By Sarah Siock
The first week of the spring semester, Rider senior Preston Hicks realized his class schedule was less hectic than he was used to and thought the best way to make use of his spare time was to get an on-campus job. Hicks opened Handshake, the website where the university lists campus jobs, but he was quickly disappointed. He was shocked to find several student jobs starting at rates lower than New Jersey’s minimum wage of $13 an hour.
As Hicks was scrolling through the listings, he questioned if it was worth his time to work on campus.
“Thankfully for me it’s not that big of a deal because I’m pretty lucky with a decent scholarship from Rider, and I’ve got another job off-campus. I was just looking for something extra I could do. I realized it was pretty messed up for someone who needs to be able to work on-campus to fund their education,” said Hicks, a computer science major.
Hicks decided to sign-up for the student worker pool, a group of student workers who are on standby to provide additional work support to any departments on campus. Handshake lists the estimated salary for this job at $11.70 per hour.
“I’m lucky that I can afford to take a job just for the convenience, that pays less than it really should be paying. For other students, you’d have to juggle both a job on campus, along with some other job. You would have to be working crazy hours in order to make that work pay off your education and living expenses,” said Hicks.
Minimum wage regulations
Hicks is not alone in taking a student job for less than the state’s minimum wage. Legally, colleges and universities in New Jersey are exempt from having to pay the full minimum wage to student workers if the compensation paid is at a minimum of 85% of the state minimum wage. Currently, Rider starts level one student workers, those seeking entry-level jobs with no previous work experience, at $11.70 an hour or 90% of the minimum wage.
Another limitation student workers face is that they cannot work more than 20 hours a week. The student employment handbook states the reasoning behind hours limitations is so students can “prioritize” and “maintain” their academic performance.
“We choose to pay 90% and take advantage of that 10% saving. By having that little bit of savings, we can provide more student employment opportunities,” said Kim Barberich, executive director of the Career Development and Success Office at Rider.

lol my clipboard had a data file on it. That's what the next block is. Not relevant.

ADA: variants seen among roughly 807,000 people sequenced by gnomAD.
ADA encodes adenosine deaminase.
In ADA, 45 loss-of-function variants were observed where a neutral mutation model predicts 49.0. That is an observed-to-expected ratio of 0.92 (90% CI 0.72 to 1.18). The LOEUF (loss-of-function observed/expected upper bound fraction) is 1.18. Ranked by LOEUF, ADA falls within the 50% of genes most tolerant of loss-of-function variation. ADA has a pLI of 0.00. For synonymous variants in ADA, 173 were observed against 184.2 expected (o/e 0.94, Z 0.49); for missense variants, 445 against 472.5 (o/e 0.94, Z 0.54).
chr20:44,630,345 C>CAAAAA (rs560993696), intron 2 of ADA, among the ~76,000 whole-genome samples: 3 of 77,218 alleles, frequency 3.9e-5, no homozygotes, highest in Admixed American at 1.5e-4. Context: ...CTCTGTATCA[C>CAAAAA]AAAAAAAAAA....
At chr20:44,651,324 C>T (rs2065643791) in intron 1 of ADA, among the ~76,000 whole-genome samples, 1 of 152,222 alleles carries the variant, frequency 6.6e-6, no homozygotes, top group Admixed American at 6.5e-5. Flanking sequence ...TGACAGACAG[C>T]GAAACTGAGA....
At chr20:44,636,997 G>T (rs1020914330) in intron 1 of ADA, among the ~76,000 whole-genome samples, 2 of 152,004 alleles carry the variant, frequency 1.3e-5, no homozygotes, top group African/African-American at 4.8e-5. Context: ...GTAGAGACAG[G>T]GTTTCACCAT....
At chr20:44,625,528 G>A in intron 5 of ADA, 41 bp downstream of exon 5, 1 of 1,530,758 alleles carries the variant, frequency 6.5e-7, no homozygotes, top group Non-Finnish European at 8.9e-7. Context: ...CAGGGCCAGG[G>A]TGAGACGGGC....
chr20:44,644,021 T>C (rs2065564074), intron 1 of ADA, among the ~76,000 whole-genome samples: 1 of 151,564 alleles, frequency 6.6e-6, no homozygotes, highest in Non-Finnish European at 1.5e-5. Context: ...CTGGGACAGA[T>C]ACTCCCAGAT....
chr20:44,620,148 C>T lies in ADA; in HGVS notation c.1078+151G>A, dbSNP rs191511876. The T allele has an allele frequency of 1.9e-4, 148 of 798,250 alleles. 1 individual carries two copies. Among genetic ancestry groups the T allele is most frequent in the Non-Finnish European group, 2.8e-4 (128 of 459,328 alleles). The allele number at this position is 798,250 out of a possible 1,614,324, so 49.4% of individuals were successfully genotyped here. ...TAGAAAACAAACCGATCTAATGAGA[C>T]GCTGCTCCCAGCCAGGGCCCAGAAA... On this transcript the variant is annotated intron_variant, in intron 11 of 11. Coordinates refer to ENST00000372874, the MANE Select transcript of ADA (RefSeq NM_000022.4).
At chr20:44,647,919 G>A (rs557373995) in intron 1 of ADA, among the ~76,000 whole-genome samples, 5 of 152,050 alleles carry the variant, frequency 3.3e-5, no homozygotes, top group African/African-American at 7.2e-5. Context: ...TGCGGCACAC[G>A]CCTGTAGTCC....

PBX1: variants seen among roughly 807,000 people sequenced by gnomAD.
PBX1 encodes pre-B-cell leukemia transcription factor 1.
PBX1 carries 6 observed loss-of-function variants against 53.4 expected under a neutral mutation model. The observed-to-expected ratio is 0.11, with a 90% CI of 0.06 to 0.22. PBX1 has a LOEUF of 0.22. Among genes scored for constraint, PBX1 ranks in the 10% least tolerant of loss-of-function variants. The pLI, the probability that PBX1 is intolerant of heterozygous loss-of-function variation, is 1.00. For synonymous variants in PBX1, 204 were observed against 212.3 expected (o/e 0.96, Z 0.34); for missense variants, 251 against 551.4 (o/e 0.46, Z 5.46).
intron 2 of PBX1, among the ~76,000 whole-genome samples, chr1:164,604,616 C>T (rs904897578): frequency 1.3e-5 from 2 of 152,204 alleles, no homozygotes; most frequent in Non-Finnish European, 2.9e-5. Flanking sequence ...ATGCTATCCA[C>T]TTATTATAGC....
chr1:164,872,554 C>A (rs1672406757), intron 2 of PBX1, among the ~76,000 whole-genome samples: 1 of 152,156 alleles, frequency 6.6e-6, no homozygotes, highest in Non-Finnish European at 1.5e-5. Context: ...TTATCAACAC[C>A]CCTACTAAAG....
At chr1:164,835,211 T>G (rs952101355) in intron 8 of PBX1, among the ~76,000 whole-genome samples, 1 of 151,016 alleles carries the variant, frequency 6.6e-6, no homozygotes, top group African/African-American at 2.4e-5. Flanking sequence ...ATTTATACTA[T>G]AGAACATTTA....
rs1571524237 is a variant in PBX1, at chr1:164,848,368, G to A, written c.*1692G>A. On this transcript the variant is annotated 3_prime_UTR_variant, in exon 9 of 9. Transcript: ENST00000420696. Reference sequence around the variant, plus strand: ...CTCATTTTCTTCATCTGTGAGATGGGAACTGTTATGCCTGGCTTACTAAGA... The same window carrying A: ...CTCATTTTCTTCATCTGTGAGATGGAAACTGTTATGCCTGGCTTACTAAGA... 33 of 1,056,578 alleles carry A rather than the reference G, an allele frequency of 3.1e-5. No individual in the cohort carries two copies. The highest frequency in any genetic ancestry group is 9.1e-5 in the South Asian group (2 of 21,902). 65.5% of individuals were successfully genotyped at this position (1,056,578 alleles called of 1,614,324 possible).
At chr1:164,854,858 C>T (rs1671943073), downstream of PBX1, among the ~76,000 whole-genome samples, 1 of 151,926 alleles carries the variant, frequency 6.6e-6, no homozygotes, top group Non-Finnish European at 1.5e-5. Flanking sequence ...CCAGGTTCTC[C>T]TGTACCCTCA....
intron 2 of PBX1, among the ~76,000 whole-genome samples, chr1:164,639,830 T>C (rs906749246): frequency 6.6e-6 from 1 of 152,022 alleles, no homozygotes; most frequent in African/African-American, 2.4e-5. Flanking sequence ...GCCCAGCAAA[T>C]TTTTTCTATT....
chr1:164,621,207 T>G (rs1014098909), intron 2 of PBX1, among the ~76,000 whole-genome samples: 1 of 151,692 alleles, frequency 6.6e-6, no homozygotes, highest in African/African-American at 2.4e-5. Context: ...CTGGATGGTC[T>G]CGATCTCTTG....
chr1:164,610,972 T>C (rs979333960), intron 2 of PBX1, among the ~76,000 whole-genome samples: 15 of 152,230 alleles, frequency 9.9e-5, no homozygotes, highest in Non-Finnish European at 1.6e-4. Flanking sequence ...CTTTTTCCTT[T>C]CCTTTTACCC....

In 2019, Gov. Phil Murphy signed a law that gradually increases the state’s minimum wage to $15 an hour. Since its enactment, the state minimum wage has increased by $1 each year on Jan. 1. The starting student wage at Rider also has increased since the law was passed but at 90 cents each year instead of $1.
In comparison to neighboring New Jersey universities, Rider is not an outlier. According to their websites, The College of New Jersey’s (TCNJ) level one student workers make $12 an hour and Rowan University’s level one workers start at $11.05. Meanwhile, Princeton University differs from the norm and starts its on-campus jobs at $13 an hour.
Convenience on campus
“There are benefits that you get from working on campus… really being part of the community, feeling like you are contributing to the running of a university, and building those connections that are oftentimes mentorships. There’s also a lot of flexibility with hours. We always tell supervisors that the student schedules are the priority,” said Barberich.
For some students, the convenience of working on campus outweighs the pay cut. Senior elementary education major Josie Abruzzi has had three on-campus jobs throughout her time at Rider. At all of Abruzzi’s jobs, she earned less than $13 an hour.
“It’s just easier with the hours and classes. I feel like the supervisors are just really understanding of the fact that we are in school. So with that, it’s definitely just much more convenient for sure,” said Abruzzi.
During Abruzzi’s junior year she worked as an embedded tutor for a freshman writing class. Abruzzi said she was responsible for keeping up with readings and the class’s homework, holding weekly group sessions and attending the class at least once a week, amounting to eight to 12 hours of work a week. Abruzzi said her compensation did not equate to the effort she put into the job.
“It was kind of a lot. … I guess I just got used to working more than what I was being paid for,” said Abruzzi.
However, Barberich and Rider’s student employment coordinator Liz Pastor said students have the opportunity to discuss issues about their pay at the Career Development and Success Office.
“If a student feels like they’re doing work that they’re not getting paid for. They have every opportunity to address that with us. And we would definitely make the changes. Students come first in this office,” said Barberich.
A push to increase minimum wage
Nationally there has been an increase in corporations raising their starting wages, such as Target, CVS and Amazon all starting at $15 an hour. Rider does offer raises to student workers, which is a 5 cent increase for every year an employee stays with the same department. However, Eve Sylvester, a sophomore exercise science major and office assistant in Wright Resident Hall, said she wished Rider’s pay was more comparable to off-campus jobs.
“You don’t have to have a job. I think it’s people who are more ambitious that get one, and maybe they should be a little more rewarded for getting a job and being a student. It shows that you’re putting in as much work as you can,” said Sylvester.